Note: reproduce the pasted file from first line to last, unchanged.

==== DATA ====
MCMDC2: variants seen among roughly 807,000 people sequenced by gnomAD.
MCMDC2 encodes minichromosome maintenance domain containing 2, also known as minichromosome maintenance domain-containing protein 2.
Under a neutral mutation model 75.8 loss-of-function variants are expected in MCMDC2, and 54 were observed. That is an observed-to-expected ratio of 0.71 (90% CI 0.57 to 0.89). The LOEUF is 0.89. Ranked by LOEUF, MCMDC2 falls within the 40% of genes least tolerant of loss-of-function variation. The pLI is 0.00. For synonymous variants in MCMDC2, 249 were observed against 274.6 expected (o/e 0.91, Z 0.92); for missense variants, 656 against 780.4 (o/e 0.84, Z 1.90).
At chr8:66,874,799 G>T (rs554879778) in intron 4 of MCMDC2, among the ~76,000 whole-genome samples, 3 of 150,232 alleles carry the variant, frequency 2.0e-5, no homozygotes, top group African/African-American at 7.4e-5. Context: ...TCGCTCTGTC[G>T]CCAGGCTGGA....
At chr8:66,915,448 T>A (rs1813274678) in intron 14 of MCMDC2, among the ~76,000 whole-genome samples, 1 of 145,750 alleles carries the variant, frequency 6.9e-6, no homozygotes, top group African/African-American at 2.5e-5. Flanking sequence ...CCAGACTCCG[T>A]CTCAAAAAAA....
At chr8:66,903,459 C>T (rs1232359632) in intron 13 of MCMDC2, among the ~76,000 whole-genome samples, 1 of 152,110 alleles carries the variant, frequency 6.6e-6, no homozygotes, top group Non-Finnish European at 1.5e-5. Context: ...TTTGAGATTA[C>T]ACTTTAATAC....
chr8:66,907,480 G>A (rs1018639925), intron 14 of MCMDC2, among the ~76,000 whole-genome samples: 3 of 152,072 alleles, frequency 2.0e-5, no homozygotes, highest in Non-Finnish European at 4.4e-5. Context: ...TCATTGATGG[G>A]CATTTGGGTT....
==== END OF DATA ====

MCMDC2: variants seen among roughly 807,000 people sequenced by gnomAD.
MCMDC2 encodes minichromosome maintenance domain containing 2, also known as minichromosome maintenance domain-containing protein 2.
Under a neutral mutation model 75.8 loss-of-function variants are expected in MCMDC2, and 54 were observed. That is an observed-to-expected ratio of 0.71 (90% CI 0.57 to 0.89). The LOEUF is 0.89. Ranked by LOEUF, MCMDC2 falls within the 40% of genes least tolerant of loss-of-function variation. The pLI is 0.00. For synonymous variants in MCMDC2, 249 were observed against 274.6 expected (o/e 0.91, Z 0.92); for missense variants, 656 against 780.4 (o/e 0.84, Z 1.90).
At chr8:66,874,799 G>T (rs554879778) in intron 4 of MCMDC2, among the ~76,000 whole-genome samples, 3 of 150,232 alleles carry the variant, frequency 2.0e-5, no homozygotes, top group African/African-American at 7.4e-5. Context: ...TCGCTCTGTC[G>T]CCAGGCTGGA....
At chr8:66,915,448 T>A (rs1813274678) in intron 14 of MCMDC2, among the ~76,000 whole-genome samples, 1 of 145,750 alleles carries the variant, frequency 6.9e-6, no homozygotes, top group African/African-American at 2.5e-5. Flanking sequence ...CCAGACTCCG[T>A]CTCAAAAAAA....
At chr8:66,903,459 C>T (rs1232359632) in intron 13 of MCMDC2, among the ~76,000 whole-genome samples, 1 of 152,110 alleles carries the variant, frequency 6.6e-6, no homozygotes, top group Non-Finnish European at 1.5e-5. Context: ...TTTGAGATTA[C>T]ACTTTAATAC....
chr8:66,907,480 G>A (rs1018639925), intron 14 of MCMDC2, among the ~76,000 whole-genome samples: 3 of 152,072 alleles, frequency 2.0e-5, no homozygotes, highest in Non-Finnish European at 4.4e-5. Context: ...TCATTGATGG[G>A]CATTTGGGTT....